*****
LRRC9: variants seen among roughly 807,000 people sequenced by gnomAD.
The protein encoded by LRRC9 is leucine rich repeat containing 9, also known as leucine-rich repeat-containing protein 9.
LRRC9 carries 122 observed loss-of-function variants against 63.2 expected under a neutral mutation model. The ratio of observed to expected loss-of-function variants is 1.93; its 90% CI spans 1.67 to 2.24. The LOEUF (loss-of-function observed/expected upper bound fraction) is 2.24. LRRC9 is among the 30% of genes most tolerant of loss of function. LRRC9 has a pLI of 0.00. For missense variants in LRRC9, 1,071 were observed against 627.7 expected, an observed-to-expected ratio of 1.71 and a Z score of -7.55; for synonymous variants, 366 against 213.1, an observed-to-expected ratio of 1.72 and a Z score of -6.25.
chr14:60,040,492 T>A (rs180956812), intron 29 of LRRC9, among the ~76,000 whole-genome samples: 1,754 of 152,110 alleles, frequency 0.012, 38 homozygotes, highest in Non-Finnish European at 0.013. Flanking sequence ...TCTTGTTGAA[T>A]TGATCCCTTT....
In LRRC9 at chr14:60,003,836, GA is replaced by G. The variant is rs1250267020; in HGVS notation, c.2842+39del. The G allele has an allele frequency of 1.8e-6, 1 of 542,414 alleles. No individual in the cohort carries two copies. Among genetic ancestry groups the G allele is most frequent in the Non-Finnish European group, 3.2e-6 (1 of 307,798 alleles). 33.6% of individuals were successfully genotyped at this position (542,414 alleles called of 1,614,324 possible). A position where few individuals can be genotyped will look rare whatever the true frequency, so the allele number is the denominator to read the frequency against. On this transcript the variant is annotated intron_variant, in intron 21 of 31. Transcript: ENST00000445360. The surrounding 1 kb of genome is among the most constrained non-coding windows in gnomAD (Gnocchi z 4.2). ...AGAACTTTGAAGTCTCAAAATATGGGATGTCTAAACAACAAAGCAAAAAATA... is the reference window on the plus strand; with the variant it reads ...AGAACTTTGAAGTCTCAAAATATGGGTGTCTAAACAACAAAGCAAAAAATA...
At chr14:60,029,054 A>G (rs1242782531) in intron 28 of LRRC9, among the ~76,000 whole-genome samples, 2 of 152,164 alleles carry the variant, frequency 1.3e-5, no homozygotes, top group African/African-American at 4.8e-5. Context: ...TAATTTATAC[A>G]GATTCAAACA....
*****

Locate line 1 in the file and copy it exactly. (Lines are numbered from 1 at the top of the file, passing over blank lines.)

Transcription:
LRRC9: variants seen among roughly 807,000 people sequenced by gnomAD.